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  5. Great advice, but so sorry that you had to go through this ordeal in order to be able to inform others xx

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    1. @Looking for Blue Sky: I have been meaning to write this post for the past year! I'm glad I waited though as I now have a happy ending and have proved that the best Pilates classes are taught by Physiotherapists! In my opinion. xx

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  6. Very useful information should I want to start Pilates in the future. At present I go to a small private gym three times a week. The trainer is great and also quite nice to look at!!! :-) xx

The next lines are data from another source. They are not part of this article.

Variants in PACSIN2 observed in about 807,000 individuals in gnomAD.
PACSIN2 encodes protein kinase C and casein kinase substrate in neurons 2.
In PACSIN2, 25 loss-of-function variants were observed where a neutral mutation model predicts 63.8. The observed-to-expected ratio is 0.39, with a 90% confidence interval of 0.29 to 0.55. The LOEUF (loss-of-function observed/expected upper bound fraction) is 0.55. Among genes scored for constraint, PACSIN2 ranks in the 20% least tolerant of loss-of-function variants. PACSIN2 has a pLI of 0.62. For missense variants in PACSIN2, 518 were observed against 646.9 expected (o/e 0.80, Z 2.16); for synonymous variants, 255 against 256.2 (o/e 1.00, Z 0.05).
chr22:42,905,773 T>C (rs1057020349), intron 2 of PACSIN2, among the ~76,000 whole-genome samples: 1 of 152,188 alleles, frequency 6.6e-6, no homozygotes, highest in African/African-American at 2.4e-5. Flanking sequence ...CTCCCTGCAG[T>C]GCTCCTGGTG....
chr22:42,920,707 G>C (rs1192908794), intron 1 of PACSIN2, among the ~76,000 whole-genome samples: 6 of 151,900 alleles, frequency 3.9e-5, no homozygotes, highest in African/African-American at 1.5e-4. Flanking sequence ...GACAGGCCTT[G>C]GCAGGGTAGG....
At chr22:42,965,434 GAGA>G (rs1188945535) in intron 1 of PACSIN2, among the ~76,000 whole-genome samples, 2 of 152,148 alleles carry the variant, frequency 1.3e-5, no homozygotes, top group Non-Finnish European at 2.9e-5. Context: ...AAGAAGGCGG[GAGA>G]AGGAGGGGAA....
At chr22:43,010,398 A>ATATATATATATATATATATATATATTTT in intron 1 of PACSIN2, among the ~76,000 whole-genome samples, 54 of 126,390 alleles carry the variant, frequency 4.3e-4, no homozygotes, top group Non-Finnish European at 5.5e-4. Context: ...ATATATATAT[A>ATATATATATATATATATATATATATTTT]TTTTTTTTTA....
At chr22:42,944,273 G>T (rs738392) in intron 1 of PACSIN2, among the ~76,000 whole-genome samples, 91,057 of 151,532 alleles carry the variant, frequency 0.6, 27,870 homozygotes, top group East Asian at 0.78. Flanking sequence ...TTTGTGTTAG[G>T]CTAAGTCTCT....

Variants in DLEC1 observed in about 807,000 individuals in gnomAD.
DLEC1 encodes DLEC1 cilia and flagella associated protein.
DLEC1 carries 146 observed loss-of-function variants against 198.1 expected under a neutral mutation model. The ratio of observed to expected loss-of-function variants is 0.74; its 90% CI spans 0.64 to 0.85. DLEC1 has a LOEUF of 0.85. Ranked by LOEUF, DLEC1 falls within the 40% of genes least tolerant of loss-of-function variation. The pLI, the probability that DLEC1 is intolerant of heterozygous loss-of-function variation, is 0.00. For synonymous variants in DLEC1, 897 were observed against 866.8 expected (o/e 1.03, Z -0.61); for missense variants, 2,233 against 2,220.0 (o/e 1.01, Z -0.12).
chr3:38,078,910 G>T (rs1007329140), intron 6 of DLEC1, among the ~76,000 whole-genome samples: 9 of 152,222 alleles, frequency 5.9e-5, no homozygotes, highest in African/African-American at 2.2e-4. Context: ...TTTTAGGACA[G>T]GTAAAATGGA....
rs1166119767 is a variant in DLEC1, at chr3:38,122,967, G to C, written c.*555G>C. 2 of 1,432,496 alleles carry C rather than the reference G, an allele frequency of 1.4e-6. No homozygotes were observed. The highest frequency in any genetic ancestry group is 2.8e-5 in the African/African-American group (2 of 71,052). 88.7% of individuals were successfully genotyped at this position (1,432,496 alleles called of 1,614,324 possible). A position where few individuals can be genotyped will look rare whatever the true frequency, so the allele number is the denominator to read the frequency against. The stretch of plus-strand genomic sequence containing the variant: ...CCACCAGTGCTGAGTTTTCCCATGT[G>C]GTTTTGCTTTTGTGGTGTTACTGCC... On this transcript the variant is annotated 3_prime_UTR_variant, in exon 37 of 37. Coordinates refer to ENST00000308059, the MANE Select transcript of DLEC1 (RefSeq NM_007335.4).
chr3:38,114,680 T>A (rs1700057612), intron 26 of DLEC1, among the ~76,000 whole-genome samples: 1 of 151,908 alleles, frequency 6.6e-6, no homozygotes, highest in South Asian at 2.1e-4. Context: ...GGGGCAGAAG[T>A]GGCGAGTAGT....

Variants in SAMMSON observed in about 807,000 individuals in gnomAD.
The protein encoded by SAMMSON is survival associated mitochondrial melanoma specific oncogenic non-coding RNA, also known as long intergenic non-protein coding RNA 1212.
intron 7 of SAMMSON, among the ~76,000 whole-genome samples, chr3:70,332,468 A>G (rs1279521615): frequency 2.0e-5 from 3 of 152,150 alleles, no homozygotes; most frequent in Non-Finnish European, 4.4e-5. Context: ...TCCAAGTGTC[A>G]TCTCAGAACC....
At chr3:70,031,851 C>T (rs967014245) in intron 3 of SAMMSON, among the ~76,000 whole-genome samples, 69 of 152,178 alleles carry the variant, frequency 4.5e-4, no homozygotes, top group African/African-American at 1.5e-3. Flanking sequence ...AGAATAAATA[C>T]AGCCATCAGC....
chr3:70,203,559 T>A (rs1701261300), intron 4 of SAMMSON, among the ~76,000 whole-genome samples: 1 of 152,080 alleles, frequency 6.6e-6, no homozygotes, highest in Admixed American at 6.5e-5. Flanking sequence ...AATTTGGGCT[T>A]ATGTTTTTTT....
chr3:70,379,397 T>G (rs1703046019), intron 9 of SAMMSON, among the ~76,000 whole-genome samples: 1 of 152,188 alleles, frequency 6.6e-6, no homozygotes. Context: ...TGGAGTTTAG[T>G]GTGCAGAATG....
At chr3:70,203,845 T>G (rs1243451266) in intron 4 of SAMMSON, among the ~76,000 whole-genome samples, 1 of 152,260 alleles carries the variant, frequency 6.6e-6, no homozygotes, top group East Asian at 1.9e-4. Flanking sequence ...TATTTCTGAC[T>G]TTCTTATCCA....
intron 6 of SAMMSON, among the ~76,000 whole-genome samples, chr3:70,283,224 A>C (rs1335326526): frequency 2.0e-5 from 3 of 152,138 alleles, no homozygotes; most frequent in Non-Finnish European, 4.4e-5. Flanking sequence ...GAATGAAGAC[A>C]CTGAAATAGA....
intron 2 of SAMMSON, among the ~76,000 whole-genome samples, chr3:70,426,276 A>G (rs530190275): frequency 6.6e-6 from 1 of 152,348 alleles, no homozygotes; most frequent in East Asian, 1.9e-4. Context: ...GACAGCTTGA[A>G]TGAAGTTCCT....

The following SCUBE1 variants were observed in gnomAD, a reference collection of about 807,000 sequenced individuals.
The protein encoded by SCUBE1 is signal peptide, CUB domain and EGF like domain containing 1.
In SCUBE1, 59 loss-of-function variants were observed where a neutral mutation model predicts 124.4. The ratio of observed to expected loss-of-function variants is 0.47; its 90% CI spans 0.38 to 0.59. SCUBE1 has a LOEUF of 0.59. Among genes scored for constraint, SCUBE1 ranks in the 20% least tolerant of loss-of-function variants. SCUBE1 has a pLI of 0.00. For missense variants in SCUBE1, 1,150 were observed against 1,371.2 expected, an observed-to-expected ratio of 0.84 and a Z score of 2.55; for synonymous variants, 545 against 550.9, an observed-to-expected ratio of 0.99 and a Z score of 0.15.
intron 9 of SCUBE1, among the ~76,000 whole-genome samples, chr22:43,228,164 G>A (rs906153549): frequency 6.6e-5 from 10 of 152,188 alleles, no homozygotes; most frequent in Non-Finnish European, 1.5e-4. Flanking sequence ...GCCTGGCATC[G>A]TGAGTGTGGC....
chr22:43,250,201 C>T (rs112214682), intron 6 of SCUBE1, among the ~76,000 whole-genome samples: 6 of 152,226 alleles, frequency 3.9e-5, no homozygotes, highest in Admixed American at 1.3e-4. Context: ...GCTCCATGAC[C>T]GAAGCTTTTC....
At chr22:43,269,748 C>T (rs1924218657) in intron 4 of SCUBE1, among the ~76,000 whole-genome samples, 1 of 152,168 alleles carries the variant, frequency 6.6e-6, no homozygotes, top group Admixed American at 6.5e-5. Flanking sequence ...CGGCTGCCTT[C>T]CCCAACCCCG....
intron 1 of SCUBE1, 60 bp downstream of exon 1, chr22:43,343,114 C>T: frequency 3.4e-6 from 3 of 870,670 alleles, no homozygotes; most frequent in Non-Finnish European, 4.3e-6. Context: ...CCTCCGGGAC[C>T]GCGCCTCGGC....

I am SO pleased to hear that you are in better shape... crazy to think that it has taken a year.

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    1. @Bright Side of Life: Well now, eye-candy is a real exercise motivator!! Yes, it's pretty much taken the year and is still a work in progress to a certain agree! Please do take this into consideration if you're taking up Pilates.... or if you know anyone who is! xx

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  7. Just wrote a monster of a comment and it disappeared - ah the joys of technology! I am so sorry to hear that you had such an awful experience :( You've gathered a very good checklist for anyone thinking about starting pilates. I would recommend to go to a Stott Pilates Certified instructor. There is only one Stott accredited training centre in Ireland and they are very strict with you doing your hours, you need to do a certain amount of self practise, practise teaching, and observation hours before you're even allowed to take the exam. You also need to do a certain amount of credits (=training!) during the year to stay certified.